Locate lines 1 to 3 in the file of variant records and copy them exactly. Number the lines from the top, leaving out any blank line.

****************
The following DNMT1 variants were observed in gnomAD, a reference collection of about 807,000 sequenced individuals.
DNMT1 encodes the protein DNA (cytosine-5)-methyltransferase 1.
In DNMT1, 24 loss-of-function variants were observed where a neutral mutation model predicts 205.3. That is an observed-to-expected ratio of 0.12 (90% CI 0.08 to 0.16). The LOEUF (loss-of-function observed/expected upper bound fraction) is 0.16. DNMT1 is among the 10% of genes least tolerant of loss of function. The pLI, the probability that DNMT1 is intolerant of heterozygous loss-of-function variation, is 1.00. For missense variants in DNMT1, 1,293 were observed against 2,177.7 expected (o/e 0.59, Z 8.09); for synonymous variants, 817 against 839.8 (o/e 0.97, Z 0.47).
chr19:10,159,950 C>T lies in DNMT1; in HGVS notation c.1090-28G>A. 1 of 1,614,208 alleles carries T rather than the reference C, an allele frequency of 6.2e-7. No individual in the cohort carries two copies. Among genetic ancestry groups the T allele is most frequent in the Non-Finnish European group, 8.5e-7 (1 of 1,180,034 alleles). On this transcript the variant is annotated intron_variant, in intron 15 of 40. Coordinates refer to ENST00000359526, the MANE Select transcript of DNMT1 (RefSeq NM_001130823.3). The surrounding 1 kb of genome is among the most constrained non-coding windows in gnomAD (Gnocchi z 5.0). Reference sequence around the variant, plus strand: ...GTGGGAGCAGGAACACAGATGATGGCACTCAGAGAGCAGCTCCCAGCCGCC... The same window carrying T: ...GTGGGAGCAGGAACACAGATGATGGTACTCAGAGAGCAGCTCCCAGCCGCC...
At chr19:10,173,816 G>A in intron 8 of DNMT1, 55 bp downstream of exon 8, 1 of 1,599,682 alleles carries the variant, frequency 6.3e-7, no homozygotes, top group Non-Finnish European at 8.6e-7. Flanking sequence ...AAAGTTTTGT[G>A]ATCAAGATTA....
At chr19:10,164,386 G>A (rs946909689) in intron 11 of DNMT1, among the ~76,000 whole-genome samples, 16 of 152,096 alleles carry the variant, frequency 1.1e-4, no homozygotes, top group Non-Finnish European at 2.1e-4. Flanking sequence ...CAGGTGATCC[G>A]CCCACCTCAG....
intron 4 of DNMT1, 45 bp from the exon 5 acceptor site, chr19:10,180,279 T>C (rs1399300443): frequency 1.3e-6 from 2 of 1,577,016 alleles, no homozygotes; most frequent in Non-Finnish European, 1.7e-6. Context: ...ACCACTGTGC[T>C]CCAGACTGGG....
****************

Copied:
The following DNMT1 variants were observed in gnomAD, a reference collection of about 807,000 sequenced individuals.
DNMT1 encodes the protein DNA (cytosine-5)-methyltransferase 1.
In DNMT1, 24 loss-of-function variants were observed where a neutral mutation model predicts 205.3. That is an observed-to-expected ratio of 0.12 (90% CI 0.08 to 0.16). The LOEUF (loss-of-function observed/expected upper bound fraction) is 0.16. DNMT1 is among the 10% of genes least tolerant of loss of function. The pLI, the probability that DNMT1 is intolerant of heterozygous loss-of-function variation, is 1.00. For missense variants in DNMT1, 1,293 were observed against 2,177.7 expected (o/e 0.59, Z 8.09); for synonymous variants, 817 against 839.8 (o/e 0.97, Z 0.47).